Petty Officer 3rd Class Star Pippins

Petty Officer 3rd Class Star Pippins, a 2018 Marietta High School graduate, joined the Navy two and a half years ago and serves aboard USS Florida, one of the world’s most advanced nuclear-powered submarines.

Today, the Marietta native serves as a machinist’s mate, whose responsibilities include operating and maintaining nuclear machinery in the engine room to propel the ship and supply electrical power.

“I joined the Navy because of the educational opportunities available to those who serve and I also wanted to expand my career,” said Pippins.

According to Pippins, the values required to succeed in the military are similar to those found at home.

“Marietta taught me life is a lot easier if you are a hard worker,” said Pippins.

Known as America’s “Silent Service,” the Navy’s submarine force operates a large fleet of technically advanced vessels. These submarines are capable of conducting rapid defensive and offensive operations around the world, in furtherance of U.S. national security.

There are three basic types of submarines: fast-attack submarines, ballistic-missile submarines and guided-missile submarines.

Fast-attack submarines are designed to hunt down and destroy enemy submarines and surface ships; strike targets ashore with cruise missiles; carry and deliver Navy SEALs; conduct intelligence, surveillance, and reconnaissance missions; and engage in mine warfare.

The Navy’s ballistic-missile submarines, often referred to as “boomers,” serve as a strategic deterrent by providing an undetectable platform for submarine-launched ballistic missiles. SSBNs are designed specifically for stealth, extended patrols and the precise delivery of missiles.

Guided-missile submarines provide the Navy with unprecedented strike and special operation mission capabilities from a stealthy, clandestine platform. Each SSGN is capable of carrying 154 Tomahawk cruise missiles, plus a complement of heavyweight torpedoes to be fired through four torpedo tubes.

As a member of the submarine force, Pippins is part of a 121-year history of the U.S. Navy’s most versatile weapons platform, capable of taking the fight to the enemy in the defense of America and its allies.

Citadel Cadets


The Ring Ceremony for the Citadel Class of 2022 took place in Summerall Chapel in Charleston, South Carolina on Oct. 1. Pictured is a Citadel cadet putting on his class ring for the first time during the Ring Presentation Ceremony.

More than 550 cadets, active duty and veteran students now proudly wear The Citadel class ring. The Class of 2022 marched across Summerall Field, directly into Summerall Chapel, where the rings were presented on Oct. 1.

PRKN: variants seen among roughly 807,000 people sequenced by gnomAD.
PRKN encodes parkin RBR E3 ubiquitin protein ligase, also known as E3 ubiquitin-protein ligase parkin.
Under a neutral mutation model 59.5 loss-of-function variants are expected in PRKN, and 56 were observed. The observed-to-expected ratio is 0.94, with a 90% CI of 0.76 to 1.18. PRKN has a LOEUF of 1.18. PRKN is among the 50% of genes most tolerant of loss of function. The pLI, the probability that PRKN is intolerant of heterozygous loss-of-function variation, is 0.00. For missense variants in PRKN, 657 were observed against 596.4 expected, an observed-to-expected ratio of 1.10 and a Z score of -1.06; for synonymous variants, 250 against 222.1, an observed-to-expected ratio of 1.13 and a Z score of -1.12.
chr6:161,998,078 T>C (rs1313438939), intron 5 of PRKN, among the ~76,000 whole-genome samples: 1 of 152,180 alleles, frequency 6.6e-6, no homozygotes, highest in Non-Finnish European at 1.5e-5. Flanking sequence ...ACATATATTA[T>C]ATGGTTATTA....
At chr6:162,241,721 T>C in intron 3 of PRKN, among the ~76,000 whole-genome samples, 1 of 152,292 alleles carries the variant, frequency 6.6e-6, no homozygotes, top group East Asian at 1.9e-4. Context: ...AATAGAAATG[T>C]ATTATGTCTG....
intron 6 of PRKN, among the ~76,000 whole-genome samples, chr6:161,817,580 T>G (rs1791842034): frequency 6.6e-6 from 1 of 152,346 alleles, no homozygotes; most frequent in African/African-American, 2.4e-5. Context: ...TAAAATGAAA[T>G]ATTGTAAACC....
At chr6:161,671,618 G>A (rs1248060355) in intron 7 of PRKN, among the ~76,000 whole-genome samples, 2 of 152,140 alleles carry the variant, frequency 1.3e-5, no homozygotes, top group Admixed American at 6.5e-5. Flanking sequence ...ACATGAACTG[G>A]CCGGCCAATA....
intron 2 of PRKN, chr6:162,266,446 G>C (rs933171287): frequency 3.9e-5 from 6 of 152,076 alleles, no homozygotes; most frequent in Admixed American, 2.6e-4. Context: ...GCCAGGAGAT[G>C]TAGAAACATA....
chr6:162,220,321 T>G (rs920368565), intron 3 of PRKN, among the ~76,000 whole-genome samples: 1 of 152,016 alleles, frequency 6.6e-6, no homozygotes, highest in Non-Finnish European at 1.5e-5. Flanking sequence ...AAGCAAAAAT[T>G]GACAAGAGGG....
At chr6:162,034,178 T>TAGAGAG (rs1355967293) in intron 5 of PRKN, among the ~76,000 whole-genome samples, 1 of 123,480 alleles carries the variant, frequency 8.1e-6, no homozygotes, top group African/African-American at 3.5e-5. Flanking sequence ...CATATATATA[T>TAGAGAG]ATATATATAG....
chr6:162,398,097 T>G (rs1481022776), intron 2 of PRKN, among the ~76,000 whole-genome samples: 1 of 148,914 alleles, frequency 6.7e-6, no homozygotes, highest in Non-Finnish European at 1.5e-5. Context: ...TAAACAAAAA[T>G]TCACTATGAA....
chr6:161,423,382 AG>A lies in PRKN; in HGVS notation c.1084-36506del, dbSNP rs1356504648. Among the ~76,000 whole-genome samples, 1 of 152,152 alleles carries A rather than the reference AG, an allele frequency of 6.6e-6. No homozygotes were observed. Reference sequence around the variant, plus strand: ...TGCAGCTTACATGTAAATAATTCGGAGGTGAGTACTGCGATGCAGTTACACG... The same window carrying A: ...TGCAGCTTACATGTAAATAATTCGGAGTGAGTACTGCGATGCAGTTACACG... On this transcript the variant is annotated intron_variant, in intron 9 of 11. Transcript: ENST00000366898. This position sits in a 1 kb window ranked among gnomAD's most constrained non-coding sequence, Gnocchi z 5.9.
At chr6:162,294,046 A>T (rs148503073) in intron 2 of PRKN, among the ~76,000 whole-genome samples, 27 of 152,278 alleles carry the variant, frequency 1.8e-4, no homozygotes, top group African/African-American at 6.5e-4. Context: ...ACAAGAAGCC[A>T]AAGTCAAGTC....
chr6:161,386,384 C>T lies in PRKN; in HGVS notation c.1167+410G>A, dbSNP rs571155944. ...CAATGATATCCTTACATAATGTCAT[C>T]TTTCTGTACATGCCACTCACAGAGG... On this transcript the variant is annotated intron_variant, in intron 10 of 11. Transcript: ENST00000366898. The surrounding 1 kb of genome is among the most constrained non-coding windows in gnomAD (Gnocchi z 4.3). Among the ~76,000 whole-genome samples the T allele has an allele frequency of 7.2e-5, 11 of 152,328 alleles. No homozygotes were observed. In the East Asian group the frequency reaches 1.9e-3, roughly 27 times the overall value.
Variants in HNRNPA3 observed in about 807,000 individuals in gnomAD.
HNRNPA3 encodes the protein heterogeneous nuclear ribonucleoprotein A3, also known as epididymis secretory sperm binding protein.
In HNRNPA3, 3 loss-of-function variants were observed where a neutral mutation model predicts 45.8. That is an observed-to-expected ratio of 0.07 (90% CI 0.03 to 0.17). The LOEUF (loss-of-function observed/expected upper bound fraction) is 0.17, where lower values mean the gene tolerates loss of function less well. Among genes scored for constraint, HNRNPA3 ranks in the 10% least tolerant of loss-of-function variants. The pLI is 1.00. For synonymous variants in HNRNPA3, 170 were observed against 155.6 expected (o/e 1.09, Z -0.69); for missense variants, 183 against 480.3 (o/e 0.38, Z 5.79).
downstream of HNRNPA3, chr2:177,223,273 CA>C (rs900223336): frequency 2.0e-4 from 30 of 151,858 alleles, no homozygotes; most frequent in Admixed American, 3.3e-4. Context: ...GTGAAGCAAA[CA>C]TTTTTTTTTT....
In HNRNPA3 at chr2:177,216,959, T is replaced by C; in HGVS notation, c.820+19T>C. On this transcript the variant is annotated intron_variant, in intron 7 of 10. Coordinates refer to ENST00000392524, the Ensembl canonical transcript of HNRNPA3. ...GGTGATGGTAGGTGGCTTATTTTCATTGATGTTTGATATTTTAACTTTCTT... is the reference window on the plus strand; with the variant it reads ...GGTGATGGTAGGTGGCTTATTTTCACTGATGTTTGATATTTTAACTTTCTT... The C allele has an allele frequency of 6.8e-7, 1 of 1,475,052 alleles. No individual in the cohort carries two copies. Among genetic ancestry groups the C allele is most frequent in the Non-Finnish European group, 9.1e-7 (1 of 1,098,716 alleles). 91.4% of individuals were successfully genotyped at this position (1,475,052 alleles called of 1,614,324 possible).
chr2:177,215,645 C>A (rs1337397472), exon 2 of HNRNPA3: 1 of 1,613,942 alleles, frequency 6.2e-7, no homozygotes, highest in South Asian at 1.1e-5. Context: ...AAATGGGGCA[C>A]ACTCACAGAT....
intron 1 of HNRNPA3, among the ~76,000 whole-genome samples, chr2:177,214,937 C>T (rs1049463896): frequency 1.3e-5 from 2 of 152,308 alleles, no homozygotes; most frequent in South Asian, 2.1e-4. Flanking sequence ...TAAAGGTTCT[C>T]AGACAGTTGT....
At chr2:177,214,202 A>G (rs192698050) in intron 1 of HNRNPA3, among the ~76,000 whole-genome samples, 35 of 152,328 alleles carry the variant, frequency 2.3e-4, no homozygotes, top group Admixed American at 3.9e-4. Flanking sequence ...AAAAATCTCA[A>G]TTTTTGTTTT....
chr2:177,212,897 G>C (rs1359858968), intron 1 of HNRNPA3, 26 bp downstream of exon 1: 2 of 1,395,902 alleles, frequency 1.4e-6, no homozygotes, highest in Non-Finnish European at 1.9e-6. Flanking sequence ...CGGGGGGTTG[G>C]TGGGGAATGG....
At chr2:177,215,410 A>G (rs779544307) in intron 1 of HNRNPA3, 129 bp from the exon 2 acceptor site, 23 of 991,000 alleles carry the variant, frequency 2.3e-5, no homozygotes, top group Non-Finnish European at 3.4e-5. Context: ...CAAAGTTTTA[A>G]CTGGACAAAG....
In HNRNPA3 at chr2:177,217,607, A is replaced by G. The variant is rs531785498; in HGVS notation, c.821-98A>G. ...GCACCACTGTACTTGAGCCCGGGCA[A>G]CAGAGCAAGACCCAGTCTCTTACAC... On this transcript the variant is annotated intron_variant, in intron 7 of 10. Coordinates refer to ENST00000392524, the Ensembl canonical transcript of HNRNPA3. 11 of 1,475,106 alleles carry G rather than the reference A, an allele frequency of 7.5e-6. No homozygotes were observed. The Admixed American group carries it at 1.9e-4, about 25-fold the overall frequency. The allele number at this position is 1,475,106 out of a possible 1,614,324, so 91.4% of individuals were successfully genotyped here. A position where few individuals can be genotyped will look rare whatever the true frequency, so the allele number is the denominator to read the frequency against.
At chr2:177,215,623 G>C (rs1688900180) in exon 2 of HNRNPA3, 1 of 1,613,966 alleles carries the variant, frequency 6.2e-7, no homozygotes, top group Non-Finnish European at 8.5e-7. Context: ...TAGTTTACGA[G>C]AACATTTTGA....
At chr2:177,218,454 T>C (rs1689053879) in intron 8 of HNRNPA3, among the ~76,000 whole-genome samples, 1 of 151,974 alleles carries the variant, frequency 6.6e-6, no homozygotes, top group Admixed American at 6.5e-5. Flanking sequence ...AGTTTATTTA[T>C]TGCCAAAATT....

Local cadets that received their rings were Jonathana Lineweaver of Kennesaw and Shiloh Smiles of Marietta.

One of the very first acts the cadets performed after receiving their rings was to salute The Citadel War Memorial — marching by in rows of four — as they left the Chapel. After, the cadets sprinted back to their barracks before beginning their first weekend with a Band of Gold on their hands.

The Citadel, with its iconic campus located in Charleston, South Carolina offers a classic military college education for young men and women focused on leadership excellence and academic distinction. The approximately 2,400 members of the South Carolina Corps of Cadets are not required to serve in the military, but about one-third of each class earn commissions to become officers in every branch of U.S. military service. Citadel alumni have served the nation, their states and their communities as principled leaders since 1842.

University of North Georgia Cadets


The Distinguished Military Students Banquet on Sept. 25 in the Dining Hall Banquet Room on UNG’s Dahlonega Campus honored 34 DMS cadets.

A record 34 University of North Georgia cadets who earned Distinguished Military Student status for the 2021-22 academic year were honored Sept. 25 at the DMS Banquet and Sept. 26 at the DMS Review.

Among the DMS cadets were Benjamin Yetman of Kennesaw, Jordan Cook of Marietta and Henry Gale of Powder Springs.

To be selected, a cadet must be in the upper half of the academic class, the upper third of the ROTC class and the upper third of UNG’s Order of Merit List, established by the professor of military science. Additionally, cadets are chosen on the basis of interest and aptitude for military service and outstanding qualities of leadership and high moral character as demonstrated by participation and achievement in campus, civic and military activities.

Positioned in the fastest-growing region of the state, the University of North Georgia comprises five campuses united by a single mission focused on academic excellence and academic and co-curricular programs that develop students into leaders for a diverse and global society. The University of North Georgia is a University System of Georgia leadership institution and is The Military College of Georgia.


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